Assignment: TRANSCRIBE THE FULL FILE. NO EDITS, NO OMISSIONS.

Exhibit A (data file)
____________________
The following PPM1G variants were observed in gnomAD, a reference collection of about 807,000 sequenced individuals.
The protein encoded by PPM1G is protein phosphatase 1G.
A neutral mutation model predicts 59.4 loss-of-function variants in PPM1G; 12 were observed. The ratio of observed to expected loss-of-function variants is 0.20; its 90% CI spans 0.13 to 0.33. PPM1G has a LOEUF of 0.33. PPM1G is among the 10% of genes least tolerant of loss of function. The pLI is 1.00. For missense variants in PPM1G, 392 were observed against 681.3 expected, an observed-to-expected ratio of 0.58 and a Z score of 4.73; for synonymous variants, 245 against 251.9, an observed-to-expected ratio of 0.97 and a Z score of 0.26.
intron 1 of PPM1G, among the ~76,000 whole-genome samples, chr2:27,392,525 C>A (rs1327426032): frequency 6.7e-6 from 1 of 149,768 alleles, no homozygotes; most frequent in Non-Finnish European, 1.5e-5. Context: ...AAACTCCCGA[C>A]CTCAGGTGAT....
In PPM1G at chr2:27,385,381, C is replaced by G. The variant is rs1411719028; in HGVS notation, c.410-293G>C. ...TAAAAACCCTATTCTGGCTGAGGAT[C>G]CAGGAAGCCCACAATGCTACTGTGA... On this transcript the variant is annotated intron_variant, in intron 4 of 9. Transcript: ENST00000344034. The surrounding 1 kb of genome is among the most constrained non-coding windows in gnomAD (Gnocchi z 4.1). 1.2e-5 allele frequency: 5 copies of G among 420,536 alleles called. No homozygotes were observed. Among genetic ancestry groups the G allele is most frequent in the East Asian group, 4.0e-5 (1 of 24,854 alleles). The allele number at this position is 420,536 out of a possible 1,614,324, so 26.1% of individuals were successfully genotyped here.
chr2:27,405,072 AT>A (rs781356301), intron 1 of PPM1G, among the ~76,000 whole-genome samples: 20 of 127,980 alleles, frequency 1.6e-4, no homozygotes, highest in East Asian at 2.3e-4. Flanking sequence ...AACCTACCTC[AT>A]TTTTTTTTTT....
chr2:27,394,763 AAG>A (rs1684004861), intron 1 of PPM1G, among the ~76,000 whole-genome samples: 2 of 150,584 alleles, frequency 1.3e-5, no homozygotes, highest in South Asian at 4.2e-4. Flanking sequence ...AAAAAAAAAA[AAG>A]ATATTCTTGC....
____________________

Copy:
The following PPM1G variants were observed in gnomAD, a reference collection of about 807,000 sequenced individuals.
The protein encoded by PPM1G is protein phosphatase 1G.
A neutral mutation model predicts 59.4 loss-of-function variants in PPM1G; 12 were observed. The ratio of observed to expected loss-of-function variants is 0.20; its 90% CI spans 0.13 to 0.33. PPM1G has a LOEUF of 0.33. PPM1G is among the 10% of genes least tolerant of loss of function. The pLI is 1.00. For missense variants in PPM1G, 392 were observed against 681.3 expected, an observed-to-expected ratio of 0.58 and a Z score of 4.73; for synonymous variants, 245 against 251.9, an observed-to-expected ratio of 0.97 and a Z score of 0.26.
intron 1 of PPM1G, among the ~76,000 whole-genome samples, chr2:27,392,525 C>A (rs1327426032): frequency 6.7e-6 from 1 of 149,768 alleles, no homozygotes; most frequent in Non-Finnish European, 1.5e-5. Context: ...AAACTCCCGA[C>A]CTCAGGTGAT....
In PPM1G at chr2:27,385,381, C is replaced by G. The variant is rs1411719028; in HGVS notation, c.410-293G>C. ...TAAAAACCCTATTCTGGCTGAGGAT[C>G]CAGGAAGCCCACAATGCTACTGTGA... On this transcript the variant is annotated intron_variant, in intron 4 of 9. Transcript: ENST00000344034. The surrounding 1 kb of genome is among the most constrained non-coding windows in gnomAD (Gnocchi z 4.1). 1.2e-5 allele frequency: 5 copies of G among 420,536 alleles called. No homozygotes were observed. Among genetic ancestry groups the G allele is most frequent in the East Asian group, 4.0e-5 (1 of 24,854 alleles). The allele number at this position is 420,536 out of a possible 1,614,324, so 26.1% of individuals were successfully genotyped here.
chr2:27,405,072 AT>A (rs781356301), intron 1 of PPM1G, among the ~76,000 whole-genome samples: 20 of 127,980 alleles, frequency 1.6e-4, no homozygotes, highest in East Asian at 2.3e-4. Flanking sequence ...AACCTACCTC[AT>A]TTTTTTTTTT....
chr2:27,394,763 AAG>A (rs1684004861), intron 1 of PPM1G, among the ~76,000 whole-genome samples: 2 of 150,584 alleles, frequency 1.3e-5, no homozygotes, highest in South Asian at 4.2e-4. Flanking sequence ...AAAAAAAAAA[AAG>A]ATATTCTTGC....